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Supreme Court Eases Speech Regulations in Billboard Case (2)

April 21, 2022, 2:50 PMUpdated: April 21, 2022, 6:52 PM

The U.S. Supreme Court walked back one of its rulings that has caused headaches for local governments on rules for signs and billboards.

The court on Thursday upheld an Austin, Texas, ban prohibiting businesses from off-location advertising on digital billboards or signs, saying it doesn’t impermissibly restrict speech.

In attempting to clarify the court’s 2015 decision in Reed v. Town of Gilbert, the 5-4 majority refused to lower the bar for content-based restrictions. Such laws treat speech differently based on what something says and are presumptively unlawful.

Unlike the rules struck down in Reed, Austin’s “off-premise distinctions requires an examination of speech only in service of drawing neutral, location-based lines,” Justice Sonia Sotomayor wrote for the court. “It is agnostic as to content.”

The court said there are similar laws in thousands of cities and towns in two-thirds of states. And Justice Brett Kavanaugh noted at oral arguments in November that they “spend a lot of money and time” trying to figure out how to comply with free-speech implications.

Chief Justice John Roberts and Kavanaugh joined their more liberal colleagues in the decision.

‘Makes Clear’

University of Virginia law professor Frederick Schauer said the ruling “makes clear that the First Amendment does not stand in the way of most content-neutral regulations of outdoor advertising.”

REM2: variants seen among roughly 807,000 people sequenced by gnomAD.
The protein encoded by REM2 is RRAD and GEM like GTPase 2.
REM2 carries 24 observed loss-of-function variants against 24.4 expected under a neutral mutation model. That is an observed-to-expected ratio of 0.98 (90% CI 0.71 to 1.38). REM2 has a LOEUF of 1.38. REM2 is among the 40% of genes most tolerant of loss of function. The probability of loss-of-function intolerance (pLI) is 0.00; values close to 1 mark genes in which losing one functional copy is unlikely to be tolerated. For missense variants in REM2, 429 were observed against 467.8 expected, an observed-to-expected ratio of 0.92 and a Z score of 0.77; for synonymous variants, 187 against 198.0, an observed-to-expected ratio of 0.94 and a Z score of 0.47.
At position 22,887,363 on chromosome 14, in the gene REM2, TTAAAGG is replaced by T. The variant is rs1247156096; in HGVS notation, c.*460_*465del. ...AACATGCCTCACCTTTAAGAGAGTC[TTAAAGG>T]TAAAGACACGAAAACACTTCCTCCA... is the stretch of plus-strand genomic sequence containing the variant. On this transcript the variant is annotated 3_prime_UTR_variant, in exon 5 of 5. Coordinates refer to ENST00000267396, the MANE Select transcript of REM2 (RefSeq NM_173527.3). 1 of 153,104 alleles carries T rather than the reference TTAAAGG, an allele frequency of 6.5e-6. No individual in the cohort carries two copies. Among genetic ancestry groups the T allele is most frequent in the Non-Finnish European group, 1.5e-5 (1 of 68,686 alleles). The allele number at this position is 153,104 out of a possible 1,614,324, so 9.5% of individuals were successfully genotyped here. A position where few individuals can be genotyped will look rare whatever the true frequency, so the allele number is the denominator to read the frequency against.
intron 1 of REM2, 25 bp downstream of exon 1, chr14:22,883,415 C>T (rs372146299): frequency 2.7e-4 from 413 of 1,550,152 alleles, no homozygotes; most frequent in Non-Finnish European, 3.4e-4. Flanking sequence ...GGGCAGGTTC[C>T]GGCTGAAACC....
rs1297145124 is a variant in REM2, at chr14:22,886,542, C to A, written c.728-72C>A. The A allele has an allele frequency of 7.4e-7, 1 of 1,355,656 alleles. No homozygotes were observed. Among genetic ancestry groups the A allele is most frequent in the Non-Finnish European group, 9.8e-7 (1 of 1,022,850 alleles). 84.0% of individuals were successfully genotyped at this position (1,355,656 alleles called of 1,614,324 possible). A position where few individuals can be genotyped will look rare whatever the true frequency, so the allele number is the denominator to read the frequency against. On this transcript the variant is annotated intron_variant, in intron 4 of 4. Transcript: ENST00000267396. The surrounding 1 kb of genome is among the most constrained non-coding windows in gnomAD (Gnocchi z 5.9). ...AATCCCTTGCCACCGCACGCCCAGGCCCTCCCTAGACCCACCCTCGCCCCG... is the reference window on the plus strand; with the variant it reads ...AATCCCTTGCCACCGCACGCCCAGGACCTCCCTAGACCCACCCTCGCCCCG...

A lower federal court had interpreted Reed v. Town of Gilbert broadly, saying that all laws are content-based if a regulator has to read the sign to know if it complies with the law.

That “is too extreme an interpretation of this Court’s precedent,” Sotomayor wrote for the court.

Such a rule could have called into question a host of other regulations, including nutritional information on packaging mandated by the Food and Drug Administration.

The principal dissent, written by Justice Clarence Thomas, said the court introduces ambiguity into Reed’s “bright-line rule,” making it “incoherent and unworkable.”

Thomas was joined by Justices Samuel Alito and Amy Coney Barrett. Justice Samuel Alito agreed with the result but said the majority went further than necessary in making its decision.

The case is City of Austin v. Reagan National Advertising, U.S., No. 20-1029.

(Updates with reaction from University of Virginia law professor Frederick Schauer and with information from the dissent starting in paragraph three.)

To contact the reporter on this story: Kimberly Strawbridge Robinson in Washington at

To contact the editors responsible for this story: Seth Stern at; John Crawley at